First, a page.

Besides caring for disadvantage groups and plethora of policies to improve living conditions, health and education, Sukhumbhand has a clear vision of Bangkok as the hub of Asean. He was a former deputy foreign minister (1997-2000) and was a lecturer on regional politics - an expert on ASEAN affairs in his own rights. He knows how to position Bangkok in the age of globalization and to welcome the ASEAN Community. He will make Bangkok the envy of other ASEAN members, if not the rest of the world. Under his administration, Bangkok has become friendlier to visitors with improving public facilities with proliferation of English-language signs and information boards. Students under the BMA administrated schools are also learning new foreign languages. Bahasa Indonesia/Malayu would be added to English and Chinese for the young ones.
Beyond the race between No 9 and No 16, the outcome will have far reaching implications for Thai national politics in months to come. For the Pheu Thai party, this is the second-tier poll to test its popularity among the 10 million plus dwellers in Bangkok. Traditionally, they vote for the Democrat Party. With large arrival in recent years of new residents from rural areas living in the outskirt of Bangkok, voting pattern could change. Therefore, it is a kind of referendum "like" or "dislike" of the ruling party vis-a-vis the opposition. After all, it has been nearly 15 months since the Yingluck government has been in power - a good time to measure the capital city's political pulse.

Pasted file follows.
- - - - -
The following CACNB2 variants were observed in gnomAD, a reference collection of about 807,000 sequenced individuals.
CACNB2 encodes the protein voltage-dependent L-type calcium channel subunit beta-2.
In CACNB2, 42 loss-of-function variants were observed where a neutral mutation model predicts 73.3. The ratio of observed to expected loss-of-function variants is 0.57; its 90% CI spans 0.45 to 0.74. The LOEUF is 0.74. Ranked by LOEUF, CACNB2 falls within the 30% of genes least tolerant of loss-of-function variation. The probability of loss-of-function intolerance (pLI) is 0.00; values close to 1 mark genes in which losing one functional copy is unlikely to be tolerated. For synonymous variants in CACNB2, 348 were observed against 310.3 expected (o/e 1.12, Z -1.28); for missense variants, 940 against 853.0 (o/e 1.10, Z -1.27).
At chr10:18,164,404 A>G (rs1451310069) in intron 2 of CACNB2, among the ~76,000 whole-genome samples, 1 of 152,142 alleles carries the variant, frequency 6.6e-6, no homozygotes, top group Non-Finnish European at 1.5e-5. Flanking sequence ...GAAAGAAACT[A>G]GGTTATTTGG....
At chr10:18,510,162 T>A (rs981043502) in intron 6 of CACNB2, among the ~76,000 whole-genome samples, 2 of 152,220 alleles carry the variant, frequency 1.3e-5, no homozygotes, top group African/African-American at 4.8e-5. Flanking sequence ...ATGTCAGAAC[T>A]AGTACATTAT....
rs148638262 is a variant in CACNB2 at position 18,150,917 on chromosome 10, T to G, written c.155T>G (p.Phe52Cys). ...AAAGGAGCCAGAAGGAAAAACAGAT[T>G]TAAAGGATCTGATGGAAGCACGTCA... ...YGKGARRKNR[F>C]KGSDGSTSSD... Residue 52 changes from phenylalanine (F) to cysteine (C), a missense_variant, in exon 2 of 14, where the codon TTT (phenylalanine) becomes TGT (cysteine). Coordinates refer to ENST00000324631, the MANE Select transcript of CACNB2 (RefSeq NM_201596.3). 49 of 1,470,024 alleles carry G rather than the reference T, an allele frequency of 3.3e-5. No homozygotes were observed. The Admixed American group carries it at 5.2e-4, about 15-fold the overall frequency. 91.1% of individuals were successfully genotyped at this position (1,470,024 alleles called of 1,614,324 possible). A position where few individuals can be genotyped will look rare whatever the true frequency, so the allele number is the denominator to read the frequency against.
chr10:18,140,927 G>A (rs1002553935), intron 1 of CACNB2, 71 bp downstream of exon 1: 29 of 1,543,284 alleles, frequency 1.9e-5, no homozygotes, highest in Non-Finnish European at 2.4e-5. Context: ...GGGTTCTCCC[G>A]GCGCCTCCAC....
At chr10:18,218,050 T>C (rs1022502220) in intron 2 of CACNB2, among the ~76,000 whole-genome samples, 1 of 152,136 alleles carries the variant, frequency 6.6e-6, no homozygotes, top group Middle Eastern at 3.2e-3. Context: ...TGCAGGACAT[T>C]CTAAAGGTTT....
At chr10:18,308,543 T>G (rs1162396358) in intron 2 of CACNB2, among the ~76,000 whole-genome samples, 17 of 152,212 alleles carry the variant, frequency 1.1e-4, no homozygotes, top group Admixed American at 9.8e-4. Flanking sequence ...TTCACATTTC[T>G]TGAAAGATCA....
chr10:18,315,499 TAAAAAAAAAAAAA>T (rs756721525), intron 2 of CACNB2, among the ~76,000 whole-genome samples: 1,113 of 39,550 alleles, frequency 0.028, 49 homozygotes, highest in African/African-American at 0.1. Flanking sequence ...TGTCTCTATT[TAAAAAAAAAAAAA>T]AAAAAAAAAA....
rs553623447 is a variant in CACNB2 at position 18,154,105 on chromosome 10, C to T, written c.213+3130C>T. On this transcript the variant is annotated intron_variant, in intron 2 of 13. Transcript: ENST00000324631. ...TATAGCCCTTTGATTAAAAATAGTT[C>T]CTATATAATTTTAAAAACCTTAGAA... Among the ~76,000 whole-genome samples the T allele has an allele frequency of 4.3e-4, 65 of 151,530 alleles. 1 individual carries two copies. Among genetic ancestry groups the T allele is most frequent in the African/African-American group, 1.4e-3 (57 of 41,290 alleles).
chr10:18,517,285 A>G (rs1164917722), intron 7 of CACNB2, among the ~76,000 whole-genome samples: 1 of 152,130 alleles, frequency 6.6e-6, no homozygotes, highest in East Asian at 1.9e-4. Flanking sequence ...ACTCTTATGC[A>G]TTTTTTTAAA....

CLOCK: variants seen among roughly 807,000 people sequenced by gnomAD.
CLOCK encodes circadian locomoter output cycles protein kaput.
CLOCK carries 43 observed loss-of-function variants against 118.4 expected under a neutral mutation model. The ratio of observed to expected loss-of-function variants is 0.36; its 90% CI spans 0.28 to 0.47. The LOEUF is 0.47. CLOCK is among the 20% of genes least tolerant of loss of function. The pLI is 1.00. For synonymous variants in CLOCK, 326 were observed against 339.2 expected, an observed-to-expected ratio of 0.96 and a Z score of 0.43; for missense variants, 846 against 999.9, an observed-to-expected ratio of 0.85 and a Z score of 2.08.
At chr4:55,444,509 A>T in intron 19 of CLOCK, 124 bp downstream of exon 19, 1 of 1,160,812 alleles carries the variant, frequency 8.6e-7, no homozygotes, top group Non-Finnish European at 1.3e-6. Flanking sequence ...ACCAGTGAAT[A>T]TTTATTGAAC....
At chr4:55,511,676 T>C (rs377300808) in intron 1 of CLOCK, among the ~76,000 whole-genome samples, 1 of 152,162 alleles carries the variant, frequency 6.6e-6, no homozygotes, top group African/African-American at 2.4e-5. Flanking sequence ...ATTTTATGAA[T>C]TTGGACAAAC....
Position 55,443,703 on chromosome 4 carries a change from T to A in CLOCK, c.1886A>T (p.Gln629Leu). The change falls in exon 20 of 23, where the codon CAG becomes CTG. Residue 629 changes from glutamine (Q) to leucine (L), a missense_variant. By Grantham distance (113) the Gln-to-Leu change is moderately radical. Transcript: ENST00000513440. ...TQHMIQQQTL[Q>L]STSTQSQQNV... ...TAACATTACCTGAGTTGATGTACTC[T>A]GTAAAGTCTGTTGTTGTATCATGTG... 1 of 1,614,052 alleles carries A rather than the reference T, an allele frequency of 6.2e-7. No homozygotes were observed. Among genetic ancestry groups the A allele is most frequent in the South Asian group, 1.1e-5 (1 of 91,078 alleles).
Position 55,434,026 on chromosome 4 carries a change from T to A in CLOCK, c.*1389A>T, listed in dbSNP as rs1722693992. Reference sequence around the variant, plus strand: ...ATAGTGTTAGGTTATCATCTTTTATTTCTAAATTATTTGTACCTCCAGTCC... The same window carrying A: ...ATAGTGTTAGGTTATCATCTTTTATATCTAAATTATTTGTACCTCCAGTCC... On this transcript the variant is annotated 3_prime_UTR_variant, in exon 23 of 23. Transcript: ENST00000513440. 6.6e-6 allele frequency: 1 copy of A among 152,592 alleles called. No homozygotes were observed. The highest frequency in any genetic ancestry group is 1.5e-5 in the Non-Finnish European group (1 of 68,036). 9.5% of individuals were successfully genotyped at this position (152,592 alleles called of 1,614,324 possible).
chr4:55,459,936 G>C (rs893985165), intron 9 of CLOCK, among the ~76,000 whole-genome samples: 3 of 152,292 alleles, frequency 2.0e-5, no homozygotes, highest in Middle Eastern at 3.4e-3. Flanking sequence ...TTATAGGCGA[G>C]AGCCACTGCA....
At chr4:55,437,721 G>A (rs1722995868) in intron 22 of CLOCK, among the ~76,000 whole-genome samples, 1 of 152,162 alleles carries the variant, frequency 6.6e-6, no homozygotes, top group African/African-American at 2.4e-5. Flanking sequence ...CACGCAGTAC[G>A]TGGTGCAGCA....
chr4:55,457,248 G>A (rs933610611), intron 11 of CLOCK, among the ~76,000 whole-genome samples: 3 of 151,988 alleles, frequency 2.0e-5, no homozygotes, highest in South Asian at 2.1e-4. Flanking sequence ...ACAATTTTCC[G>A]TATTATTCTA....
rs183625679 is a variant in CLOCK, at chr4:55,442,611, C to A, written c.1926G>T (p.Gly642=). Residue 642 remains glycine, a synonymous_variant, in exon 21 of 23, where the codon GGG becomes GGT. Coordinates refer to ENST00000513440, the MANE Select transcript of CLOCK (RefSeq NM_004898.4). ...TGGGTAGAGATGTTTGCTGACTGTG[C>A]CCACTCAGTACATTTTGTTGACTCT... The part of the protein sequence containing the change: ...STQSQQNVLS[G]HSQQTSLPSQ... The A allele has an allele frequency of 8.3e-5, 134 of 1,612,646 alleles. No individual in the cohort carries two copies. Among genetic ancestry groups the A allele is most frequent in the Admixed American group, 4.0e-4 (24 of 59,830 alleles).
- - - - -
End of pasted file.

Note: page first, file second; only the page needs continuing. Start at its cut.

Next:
Obviously, anything that can be used to weaken or better still, annihilate, the opposition party would be welcome. The stake is high for the Bangkokians, who have to exercise their judgment carefully as it could be exploited for dubious political schemes later on. Obviously, the governor's pick will serve as a barometer for the Pheu Thai Party's next strategies. If Pongsawat prevails, two big issues would be pushed forward within this year - the passage of new amnesty bill and Thaksin's return. The two issues are intrinsically linked. The constitution amendments would be further delayed as it is too contentious.
It is not surprising that the ruling party's current effort is zeroing on creating pseudo-events and narratives conducive for Thaksin's eventual return. That helps explain why the gubernatorial campaign has been vicious and unpleasant. The Pheu Thai Party wants to win Bangkok badly. Pongsapat's campaign efforts have used similar strategies successfully deployed by Yingluck when she won the election in 2011. He told reporters repeatedly that he would win the race with well over one million votes.
Will the Bangkokians fall for such entrapment? Next week will tell.